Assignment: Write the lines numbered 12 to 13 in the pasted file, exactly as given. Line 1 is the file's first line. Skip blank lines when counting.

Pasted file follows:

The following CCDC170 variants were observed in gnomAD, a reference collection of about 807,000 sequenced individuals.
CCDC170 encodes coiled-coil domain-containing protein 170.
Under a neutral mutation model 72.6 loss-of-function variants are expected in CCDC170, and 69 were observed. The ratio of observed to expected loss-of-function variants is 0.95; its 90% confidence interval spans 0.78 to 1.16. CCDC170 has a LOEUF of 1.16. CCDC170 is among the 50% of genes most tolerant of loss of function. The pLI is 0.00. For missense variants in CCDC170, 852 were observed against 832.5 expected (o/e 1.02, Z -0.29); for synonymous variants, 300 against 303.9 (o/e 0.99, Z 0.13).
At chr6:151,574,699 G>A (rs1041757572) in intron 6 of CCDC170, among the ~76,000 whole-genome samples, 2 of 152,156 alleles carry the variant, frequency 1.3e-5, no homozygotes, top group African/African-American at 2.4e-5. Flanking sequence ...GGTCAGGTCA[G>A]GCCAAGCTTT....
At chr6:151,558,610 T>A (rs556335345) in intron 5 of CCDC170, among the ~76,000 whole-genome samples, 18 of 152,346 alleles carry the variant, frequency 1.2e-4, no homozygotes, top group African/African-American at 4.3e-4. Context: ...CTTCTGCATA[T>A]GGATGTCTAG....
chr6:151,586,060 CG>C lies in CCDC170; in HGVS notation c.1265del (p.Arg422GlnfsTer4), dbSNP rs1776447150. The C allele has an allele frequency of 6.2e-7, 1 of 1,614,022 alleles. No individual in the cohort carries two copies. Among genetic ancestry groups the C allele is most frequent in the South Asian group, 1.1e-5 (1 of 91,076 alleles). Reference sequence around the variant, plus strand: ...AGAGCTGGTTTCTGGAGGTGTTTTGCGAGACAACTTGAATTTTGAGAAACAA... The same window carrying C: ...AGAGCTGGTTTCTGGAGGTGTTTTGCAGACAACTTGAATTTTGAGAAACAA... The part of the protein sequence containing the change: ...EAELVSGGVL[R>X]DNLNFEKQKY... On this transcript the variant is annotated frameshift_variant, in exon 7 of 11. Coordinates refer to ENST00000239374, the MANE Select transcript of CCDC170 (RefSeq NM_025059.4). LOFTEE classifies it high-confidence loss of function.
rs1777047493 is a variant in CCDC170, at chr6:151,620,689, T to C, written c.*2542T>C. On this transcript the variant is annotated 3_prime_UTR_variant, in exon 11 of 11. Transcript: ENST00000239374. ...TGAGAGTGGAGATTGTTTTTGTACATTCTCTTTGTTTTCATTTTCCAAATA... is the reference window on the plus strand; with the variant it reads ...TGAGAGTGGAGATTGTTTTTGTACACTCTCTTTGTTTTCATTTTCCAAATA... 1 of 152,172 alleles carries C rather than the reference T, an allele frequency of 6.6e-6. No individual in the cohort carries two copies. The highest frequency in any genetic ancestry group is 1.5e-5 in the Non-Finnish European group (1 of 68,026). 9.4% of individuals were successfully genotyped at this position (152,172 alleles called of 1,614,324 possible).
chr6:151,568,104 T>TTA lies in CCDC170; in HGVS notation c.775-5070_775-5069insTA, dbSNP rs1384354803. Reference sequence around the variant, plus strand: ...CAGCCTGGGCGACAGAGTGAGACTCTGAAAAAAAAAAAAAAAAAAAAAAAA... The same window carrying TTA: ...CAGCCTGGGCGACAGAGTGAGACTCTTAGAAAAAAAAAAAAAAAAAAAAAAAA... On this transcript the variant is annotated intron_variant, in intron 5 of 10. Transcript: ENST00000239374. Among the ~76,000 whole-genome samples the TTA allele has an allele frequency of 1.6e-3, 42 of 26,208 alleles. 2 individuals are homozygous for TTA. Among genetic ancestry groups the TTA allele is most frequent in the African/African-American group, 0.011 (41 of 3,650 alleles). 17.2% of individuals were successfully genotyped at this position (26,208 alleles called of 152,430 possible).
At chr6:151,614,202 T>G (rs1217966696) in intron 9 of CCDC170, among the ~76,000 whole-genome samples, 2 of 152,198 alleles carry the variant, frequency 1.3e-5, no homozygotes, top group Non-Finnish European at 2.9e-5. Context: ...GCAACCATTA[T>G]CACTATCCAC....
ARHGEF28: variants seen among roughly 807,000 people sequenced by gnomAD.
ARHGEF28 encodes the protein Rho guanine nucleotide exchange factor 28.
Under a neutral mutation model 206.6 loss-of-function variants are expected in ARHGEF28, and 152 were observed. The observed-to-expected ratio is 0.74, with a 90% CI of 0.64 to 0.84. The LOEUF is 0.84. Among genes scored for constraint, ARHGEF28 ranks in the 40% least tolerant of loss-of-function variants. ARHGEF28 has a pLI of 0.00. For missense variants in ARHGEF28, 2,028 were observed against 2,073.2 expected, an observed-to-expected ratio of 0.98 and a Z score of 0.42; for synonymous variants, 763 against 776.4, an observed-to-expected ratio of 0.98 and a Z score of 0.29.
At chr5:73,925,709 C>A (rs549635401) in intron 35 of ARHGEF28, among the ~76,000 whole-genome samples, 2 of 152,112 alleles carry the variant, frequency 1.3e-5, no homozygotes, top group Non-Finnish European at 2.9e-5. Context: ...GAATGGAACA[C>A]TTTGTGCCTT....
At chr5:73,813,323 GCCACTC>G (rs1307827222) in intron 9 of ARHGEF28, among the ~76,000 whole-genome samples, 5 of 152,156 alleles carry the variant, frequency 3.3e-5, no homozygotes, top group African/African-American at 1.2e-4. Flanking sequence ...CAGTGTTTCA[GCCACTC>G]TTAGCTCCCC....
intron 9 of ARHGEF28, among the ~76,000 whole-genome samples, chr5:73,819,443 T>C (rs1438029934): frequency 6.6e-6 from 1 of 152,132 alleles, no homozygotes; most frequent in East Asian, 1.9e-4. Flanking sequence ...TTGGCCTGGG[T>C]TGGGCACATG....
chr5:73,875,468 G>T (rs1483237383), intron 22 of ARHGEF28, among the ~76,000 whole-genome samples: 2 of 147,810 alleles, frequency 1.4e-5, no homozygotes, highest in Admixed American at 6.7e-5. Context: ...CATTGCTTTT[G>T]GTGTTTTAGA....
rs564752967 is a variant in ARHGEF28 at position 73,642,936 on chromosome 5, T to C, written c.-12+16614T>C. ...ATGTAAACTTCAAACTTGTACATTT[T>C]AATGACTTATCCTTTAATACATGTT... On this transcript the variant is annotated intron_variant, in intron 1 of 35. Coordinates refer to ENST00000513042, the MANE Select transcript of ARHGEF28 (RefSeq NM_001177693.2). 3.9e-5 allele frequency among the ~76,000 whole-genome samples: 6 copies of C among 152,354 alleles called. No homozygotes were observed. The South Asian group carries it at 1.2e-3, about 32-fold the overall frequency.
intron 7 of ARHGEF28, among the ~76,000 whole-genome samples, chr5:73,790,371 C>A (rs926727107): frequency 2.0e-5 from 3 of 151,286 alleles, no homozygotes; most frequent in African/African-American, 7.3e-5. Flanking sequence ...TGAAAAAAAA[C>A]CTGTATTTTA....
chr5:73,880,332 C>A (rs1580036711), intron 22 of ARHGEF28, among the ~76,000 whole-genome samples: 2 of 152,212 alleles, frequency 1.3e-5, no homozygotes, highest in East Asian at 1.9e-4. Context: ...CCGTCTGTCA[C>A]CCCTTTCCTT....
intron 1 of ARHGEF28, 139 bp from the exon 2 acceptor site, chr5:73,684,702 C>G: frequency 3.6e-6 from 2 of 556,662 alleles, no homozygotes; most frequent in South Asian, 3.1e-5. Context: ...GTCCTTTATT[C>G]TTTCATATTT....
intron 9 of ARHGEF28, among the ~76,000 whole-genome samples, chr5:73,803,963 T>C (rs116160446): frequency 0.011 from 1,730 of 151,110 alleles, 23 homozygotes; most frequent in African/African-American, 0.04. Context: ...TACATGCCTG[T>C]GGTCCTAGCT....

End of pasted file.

Under a neutral mutation model 206.6 loss-of-function variants are expected in ARHGEF28, and 152 were observed. The observed-to-expected ratio is 0.74, with a 90% CI of 0.64 to 0.84. The LOEUF is 0.84. Among genes scored for constraint, ARHGEF28 ranks in the 40% least tolerant of loss-of-function variants. ARHGEF28 has a pLI of 0.00. For missense variants in ARHGEF28, 2,028 were observed against 2,073.2 expected, an observed-to-expected ratio of 0.98 and a Z score of 0.42; for synonymous variants, 763 against 776.4, an observed-to-expected ratio of 0.98 and a Z score of 0.29.
At chr5:73,925,709 C>A (rs549635401) in intron 35 of ARHGEF28, among the ~76,000 whole-genome samples, 2 of 152,112 alleles carry the variant, frequency 1.3e-5, no homozygotes, top group Non-Finnish European at 2.9e-5. Context: ...GAATGGAACA[C>A]TTTGTGCCTT....